EEG (or electroencephalogram) is a recording of brainwave activity. QEEG (Quantitative EEG), popularly known as brain mapping, refers to a comprehensive analysis of brainwave frequency bandwidths that make up the raw EEG. QEEG is recorded the same way as EEG, but the data acquired in the recording are used to create topographic color-coded maps that show electrical activity of the cerebral cortex.
QEEG measures electrical activity of the brain. It provides complex analysis of such brainwave characteristics as symmetry, phase, coherence, amplitude, power and dominant frequency. In fact, subtle disruptions of electrical connectivity and flow in the brain sometimes may be the only or the early signs of a problem.
The primary use of QEEG is to examine patterns of brainwaves and help determine whether a person is an appropriate candidate for Neurofeedback, a treatment that normalizes brainwaves. QEEG does not render a diagnosis, but is designed to help the clinician to make a diagnosis. QEEG is not a substitute for EEG; it is a different process than that carried out by the neurologist when he or she performs an EEG assessment.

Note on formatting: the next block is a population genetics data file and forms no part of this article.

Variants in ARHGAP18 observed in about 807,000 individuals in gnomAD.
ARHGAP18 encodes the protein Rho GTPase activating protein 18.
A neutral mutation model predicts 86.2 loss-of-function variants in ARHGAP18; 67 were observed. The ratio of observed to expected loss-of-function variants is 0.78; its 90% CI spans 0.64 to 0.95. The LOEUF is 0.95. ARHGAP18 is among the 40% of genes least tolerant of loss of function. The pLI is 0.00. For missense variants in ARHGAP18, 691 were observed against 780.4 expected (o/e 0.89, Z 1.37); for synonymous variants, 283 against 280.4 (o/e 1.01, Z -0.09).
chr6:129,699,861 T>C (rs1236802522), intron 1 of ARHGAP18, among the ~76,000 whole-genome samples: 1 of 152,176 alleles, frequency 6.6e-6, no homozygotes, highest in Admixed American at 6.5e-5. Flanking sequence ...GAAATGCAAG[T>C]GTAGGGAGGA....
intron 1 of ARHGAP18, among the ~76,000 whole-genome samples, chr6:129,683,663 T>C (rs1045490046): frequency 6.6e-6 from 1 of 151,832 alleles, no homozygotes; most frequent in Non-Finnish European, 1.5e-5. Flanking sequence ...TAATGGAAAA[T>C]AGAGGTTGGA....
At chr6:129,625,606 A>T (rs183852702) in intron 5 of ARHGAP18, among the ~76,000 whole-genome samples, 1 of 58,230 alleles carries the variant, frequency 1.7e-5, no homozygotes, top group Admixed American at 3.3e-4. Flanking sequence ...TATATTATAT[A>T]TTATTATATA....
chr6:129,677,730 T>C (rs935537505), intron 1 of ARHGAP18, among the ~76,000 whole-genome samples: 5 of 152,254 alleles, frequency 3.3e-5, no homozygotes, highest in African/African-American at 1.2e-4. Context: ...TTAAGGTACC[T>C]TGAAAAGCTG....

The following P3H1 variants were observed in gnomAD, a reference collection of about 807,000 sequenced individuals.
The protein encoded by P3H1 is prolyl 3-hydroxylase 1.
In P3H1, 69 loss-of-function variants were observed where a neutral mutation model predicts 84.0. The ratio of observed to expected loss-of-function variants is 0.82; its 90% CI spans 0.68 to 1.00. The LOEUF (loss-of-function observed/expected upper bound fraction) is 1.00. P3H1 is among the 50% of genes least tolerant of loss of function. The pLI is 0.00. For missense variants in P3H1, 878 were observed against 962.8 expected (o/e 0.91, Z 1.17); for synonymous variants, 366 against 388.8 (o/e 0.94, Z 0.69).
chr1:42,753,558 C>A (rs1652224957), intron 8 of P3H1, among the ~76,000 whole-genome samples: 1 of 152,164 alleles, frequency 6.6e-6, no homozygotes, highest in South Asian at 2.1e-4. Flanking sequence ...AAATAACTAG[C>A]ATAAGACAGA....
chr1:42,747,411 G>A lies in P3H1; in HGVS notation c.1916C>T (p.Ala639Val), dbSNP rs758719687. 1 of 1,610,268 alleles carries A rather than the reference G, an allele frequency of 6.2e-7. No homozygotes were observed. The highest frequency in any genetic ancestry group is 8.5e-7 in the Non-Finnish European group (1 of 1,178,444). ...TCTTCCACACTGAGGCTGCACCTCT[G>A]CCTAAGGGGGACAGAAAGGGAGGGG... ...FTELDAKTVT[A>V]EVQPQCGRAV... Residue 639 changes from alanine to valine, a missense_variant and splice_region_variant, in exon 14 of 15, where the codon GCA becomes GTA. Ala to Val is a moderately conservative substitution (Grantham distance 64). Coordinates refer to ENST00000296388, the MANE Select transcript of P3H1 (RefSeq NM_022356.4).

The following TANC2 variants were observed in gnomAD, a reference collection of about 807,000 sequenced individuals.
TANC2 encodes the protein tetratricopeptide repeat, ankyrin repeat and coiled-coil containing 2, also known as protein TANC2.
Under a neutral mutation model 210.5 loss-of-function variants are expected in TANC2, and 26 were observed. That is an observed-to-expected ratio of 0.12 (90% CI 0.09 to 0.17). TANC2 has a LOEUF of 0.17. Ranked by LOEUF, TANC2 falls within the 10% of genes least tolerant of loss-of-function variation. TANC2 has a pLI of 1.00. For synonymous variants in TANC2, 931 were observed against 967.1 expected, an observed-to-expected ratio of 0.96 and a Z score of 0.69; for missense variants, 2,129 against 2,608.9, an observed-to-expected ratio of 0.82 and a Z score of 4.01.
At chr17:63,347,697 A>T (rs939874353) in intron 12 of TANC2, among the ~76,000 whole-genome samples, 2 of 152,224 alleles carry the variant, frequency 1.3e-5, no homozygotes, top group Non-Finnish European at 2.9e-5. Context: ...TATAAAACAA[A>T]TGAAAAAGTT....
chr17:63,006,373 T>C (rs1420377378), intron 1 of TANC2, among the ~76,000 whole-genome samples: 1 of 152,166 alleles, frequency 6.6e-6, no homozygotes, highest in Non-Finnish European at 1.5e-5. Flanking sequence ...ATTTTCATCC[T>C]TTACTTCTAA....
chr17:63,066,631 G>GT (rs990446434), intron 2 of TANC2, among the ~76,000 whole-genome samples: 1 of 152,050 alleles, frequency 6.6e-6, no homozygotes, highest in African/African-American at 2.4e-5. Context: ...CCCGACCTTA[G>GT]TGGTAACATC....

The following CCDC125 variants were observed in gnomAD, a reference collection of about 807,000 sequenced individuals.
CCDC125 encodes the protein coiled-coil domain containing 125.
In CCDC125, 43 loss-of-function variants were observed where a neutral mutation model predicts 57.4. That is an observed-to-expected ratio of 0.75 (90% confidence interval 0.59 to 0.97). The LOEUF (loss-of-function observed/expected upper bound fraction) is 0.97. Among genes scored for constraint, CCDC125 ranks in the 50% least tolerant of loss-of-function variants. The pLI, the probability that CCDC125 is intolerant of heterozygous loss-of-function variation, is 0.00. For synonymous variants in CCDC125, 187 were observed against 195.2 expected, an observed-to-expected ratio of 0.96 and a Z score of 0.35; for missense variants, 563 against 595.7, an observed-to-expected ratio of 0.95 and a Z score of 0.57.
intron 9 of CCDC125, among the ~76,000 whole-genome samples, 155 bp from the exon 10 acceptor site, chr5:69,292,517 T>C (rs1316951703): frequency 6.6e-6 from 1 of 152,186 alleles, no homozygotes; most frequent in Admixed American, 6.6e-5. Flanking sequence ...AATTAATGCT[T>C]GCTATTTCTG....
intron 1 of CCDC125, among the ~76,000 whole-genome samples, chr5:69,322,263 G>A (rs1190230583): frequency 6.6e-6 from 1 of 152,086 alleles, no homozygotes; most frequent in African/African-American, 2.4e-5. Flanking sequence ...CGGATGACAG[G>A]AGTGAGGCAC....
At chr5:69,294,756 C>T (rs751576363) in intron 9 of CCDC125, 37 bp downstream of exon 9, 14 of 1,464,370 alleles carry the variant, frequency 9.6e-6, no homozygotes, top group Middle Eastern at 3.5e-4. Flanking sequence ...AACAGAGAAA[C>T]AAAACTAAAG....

Reading The Maps of Your Brain
QEEG results are presented as Z scores. Z scores represent Standard Deviations (SD) from the norm and span from -3 to +3. Thus a Z score of +2 means that the result is 2 Standard Deviations higher than the norm (+2SD) and exceeds 98% of the age-matched people in the normative sample. A Z score of 0 represents the norm and is color-coded green. Red and blue colors on the maps show brainwave activity that is 3 SDs above or below the norm. QEEG combined with LORETA (Low Resolution Electromagnetic Tomography) enables examining of deep structures of the brain slice by slice, as well as viewing 3-dimentional models of the brain.